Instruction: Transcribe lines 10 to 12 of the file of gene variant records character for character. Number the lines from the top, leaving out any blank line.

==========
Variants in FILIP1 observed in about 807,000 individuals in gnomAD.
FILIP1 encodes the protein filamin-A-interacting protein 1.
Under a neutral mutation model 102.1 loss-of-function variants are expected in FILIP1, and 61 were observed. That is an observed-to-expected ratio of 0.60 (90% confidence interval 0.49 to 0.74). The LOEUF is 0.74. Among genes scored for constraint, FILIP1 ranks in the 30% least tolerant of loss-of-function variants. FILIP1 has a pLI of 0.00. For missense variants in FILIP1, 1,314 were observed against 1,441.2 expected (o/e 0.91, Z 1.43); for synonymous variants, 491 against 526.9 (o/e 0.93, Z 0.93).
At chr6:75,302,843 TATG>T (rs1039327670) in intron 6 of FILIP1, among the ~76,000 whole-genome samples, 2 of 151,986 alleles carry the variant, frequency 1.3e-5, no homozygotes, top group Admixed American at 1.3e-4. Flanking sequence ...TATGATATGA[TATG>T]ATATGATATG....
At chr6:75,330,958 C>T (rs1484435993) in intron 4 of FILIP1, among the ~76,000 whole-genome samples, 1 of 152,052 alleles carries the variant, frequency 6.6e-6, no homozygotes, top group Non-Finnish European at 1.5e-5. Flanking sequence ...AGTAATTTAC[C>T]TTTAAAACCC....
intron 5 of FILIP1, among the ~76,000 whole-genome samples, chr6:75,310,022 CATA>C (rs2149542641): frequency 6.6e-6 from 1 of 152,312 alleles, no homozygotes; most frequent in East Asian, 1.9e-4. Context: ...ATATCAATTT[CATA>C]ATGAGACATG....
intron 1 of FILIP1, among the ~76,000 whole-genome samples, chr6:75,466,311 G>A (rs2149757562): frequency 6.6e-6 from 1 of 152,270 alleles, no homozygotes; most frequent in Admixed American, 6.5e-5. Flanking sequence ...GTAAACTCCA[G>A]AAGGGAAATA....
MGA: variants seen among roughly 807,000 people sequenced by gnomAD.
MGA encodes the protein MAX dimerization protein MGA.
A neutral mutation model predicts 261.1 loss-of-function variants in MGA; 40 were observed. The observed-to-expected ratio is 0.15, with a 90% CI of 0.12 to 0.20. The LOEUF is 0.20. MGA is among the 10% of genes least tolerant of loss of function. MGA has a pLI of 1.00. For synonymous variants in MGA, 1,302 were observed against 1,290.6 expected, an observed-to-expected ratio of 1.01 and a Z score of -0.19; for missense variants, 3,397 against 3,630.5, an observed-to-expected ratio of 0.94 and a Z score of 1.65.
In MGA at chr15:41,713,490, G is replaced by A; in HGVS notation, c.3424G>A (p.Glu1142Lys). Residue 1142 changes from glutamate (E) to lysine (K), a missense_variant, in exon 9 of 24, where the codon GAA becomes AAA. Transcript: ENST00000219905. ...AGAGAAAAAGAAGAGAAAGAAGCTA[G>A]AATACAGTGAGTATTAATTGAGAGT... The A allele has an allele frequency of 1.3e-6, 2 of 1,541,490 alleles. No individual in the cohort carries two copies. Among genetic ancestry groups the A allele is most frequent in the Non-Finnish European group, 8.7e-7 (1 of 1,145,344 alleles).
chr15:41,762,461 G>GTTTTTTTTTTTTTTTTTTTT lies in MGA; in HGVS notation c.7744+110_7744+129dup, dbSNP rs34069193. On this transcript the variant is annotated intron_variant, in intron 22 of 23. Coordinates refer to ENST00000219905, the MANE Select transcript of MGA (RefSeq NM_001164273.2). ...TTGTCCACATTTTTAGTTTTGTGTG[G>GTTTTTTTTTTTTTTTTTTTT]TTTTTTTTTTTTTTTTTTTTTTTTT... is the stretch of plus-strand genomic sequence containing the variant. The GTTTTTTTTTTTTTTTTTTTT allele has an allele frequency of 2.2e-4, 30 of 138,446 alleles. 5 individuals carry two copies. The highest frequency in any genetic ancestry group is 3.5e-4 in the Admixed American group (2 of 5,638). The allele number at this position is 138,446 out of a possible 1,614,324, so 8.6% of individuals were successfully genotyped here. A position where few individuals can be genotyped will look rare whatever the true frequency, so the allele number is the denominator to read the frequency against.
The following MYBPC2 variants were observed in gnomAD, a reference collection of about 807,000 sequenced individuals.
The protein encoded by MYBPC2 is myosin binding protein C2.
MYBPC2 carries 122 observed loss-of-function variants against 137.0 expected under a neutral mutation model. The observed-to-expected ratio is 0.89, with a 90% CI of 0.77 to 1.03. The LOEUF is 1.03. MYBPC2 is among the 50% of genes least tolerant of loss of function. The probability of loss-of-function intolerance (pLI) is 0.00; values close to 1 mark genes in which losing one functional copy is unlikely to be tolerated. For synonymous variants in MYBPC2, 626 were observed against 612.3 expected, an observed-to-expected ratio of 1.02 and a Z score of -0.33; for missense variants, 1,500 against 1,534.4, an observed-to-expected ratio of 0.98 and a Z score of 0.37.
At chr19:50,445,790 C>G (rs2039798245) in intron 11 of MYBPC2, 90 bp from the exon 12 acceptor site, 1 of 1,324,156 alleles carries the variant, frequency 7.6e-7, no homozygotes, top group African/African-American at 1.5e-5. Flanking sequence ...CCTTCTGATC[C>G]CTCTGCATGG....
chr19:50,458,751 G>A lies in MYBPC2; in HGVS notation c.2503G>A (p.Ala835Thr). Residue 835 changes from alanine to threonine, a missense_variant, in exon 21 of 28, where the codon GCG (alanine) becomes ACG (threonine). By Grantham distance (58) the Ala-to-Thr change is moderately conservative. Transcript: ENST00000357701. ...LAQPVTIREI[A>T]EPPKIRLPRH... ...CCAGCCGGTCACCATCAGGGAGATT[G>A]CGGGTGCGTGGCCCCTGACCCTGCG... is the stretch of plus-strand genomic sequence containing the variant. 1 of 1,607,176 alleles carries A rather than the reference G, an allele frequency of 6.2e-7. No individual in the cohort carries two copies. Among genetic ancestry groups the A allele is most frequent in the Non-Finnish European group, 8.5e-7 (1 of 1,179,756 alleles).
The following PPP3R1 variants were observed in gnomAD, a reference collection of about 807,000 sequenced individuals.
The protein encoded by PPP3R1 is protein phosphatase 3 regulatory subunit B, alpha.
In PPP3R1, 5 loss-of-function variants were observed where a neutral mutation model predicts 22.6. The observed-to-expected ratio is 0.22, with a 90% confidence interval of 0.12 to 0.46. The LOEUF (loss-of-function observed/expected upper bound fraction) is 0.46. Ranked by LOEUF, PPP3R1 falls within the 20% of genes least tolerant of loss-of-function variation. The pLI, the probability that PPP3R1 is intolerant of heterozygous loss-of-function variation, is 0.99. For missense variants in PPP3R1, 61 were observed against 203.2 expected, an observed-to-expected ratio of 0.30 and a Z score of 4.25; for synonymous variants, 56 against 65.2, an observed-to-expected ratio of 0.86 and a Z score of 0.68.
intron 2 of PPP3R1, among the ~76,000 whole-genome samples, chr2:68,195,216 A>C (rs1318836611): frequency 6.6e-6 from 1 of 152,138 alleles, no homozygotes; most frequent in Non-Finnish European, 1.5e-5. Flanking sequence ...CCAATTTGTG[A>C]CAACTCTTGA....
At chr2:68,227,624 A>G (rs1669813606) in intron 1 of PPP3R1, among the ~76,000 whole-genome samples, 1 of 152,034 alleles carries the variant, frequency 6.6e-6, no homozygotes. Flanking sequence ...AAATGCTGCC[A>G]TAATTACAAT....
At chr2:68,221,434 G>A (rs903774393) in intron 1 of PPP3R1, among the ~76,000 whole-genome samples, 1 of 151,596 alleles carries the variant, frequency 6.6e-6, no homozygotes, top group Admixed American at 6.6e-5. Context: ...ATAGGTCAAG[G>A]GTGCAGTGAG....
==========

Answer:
A neutral mutation model predicts 261.1 loss-of-function variants in MGA; 40 were observed. The observed-to-expected ratio is 0.15, with a 90% CI of 0.12 to 0.20. The LOEUF is 0.20. MGA is among the 10% of genes least tolerant of loss of function. MGA has a pLI of 1.00. For synonymous variants in MGA, 1,302 were observed against 1,290.6 expected, an observed-to-expected ratio of 1.01 and a Z score of -0.19; for missense variants, 3,397 against 3,630.5, an observed-to-expected ratio of 0.94 and a Z score of 1.65.
In MGA at chr15:41,713,490, G is replaced by A; in HGVS notation, c.3424G>A (p.Glu1142Lys). Residue 1142 changes from glutamate (E) to lysine (K), a missense_variant, in exon 9 of 24, where the codon GAA becomes AAA. Transcript: ENST00000219905. ...AGAGAAAAAGAAGAGAAAGAAGCTA[G>A]AATACAGTGAGTATTAATTGAGAGT... The A allele has an allele frequency of 1.3e-6, 2 of 1,541,490 alleles. No individual in the cohort carries two copies. Among genetic ancestry groups the A allele is most frequent in the Non-Finnish European group, 8.7e-7 (1 of 1,145,344 alleles).
chr15:41,762,461 G>GTTTTTTTTTTTTTTTTTTTT lies in MGA; in HGVS notation c.7744+110_7744+129dup, dbSNP rs34069193. On this transcript the variant is annotated intron_variant, in intron 22 of 23. Coordinates refer to ENST00000219905, the MANE Select transcript of MGA (RefSeq NM_001164273.2). ...TTGTCCACATTTTTAGTTTTGTGTG[G>GTTTTTTTTTTTTTTTTTTTT]TTTTTTTTTTTTTTTTTTTTTTTTT... is the stretch of plus-strand genomic sequence containing the variant. The GTTTTTTTTTTTTTTTTTTTT allele has an allele frequency of 2.2e-4, 30 of 138,446 alleles. 5 individuals carry two copies. The highest frequency in any genetic ancestry group is 3.5e-4 in the Admixed American group (2 of 5,638). The allele number at this position is 138,446 out of a possible 1,614,324, so 8.6% of individuals were successfully genotyped here. A position where few individuals can be genotyped will look rare whatever the true frequency, so the allele number is the denominator to read the frequency against.